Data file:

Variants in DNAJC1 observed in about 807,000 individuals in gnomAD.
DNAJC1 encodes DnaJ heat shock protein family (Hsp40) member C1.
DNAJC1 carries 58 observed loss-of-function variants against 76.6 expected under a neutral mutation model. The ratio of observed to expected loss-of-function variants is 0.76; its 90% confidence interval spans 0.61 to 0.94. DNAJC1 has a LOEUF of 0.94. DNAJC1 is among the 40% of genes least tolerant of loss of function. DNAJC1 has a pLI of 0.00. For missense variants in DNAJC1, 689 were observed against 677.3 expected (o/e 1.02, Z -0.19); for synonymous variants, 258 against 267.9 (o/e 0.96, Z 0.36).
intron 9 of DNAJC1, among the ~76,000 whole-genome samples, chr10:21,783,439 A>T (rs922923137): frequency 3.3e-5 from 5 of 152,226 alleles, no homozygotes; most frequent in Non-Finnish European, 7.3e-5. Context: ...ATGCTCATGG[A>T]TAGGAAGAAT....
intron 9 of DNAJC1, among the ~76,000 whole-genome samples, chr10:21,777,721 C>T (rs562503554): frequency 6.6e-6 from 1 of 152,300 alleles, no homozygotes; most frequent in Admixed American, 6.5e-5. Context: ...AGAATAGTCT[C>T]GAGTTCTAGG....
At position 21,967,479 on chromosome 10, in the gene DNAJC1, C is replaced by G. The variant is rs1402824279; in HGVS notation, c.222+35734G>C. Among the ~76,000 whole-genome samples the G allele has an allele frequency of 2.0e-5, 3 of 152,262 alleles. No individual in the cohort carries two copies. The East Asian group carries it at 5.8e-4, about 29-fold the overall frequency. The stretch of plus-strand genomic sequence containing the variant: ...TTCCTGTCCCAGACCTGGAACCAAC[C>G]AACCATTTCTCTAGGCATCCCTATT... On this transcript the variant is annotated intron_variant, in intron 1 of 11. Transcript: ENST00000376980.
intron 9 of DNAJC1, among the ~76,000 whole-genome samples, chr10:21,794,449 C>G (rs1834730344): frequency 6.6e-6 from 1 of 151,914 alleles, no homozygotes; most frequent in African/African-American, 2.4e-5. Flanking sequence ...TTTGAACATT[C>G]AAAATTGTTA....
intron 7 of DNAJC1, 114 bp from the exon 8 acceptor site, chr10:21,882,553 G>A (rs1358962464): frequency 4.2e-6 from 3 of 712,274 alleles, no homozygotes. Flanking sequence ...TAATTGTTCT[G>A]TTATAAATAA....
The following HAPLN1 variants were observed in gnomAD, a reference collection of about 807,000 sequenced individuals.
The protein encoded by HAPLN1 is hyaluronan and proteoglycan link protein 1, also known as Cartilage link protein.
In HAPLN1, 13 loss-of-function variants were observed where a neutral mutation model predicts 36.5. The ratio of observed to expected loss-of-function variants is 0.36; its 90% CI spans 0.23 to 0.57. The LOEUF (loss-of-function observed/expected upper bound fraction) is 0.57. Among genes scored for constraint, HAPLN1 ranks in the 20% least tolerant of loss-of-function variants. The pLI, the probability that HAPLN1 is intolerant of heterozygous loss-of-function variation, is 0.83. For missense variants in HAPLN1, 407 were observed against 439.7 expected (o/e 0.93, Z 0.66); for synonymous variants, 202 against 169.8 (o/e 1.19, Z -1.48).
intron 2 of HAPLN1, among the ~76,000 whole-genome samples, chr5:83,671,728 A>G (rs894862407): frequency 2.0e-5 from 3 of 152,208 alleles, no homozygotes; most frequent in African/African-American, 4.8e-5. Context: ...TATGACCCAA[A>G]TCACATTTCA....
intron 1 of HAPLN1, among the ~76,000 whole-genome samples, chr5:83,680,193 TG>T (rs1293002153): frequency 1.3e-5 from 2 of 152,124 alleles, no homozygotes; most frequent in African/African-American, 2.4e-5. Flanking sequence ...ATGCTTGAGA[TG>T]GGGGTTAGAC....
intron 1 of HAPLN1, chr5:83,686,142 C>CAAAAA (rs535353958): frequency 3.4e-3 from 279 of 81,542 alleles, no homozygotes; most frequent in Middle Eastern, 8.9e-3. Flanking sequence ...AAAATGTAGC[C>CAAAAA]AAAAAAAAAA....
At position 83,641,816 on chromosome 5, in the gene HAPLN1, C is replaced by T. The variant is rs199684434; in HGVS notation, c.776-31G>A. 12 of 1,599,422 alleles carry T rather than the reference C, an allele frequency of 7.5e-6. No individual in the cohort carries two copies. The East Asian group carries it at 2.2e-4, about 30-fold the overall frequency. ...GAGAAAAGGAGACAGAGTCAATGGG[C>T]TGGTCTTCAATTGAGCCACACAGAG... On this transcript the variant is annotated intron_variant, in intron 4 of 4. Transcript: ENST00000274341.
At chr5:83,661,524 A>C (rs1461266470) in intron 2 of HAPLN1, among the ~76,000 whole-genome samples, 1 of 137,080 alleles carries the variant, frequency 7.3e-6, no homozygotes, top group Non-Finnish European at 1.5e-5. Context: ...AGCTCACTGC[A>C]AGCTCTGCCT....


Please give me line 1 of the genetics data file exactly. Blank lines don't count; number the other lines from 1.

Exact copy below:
Variants in DNAJC1 observed in about 807,000 individuals in gnomAD.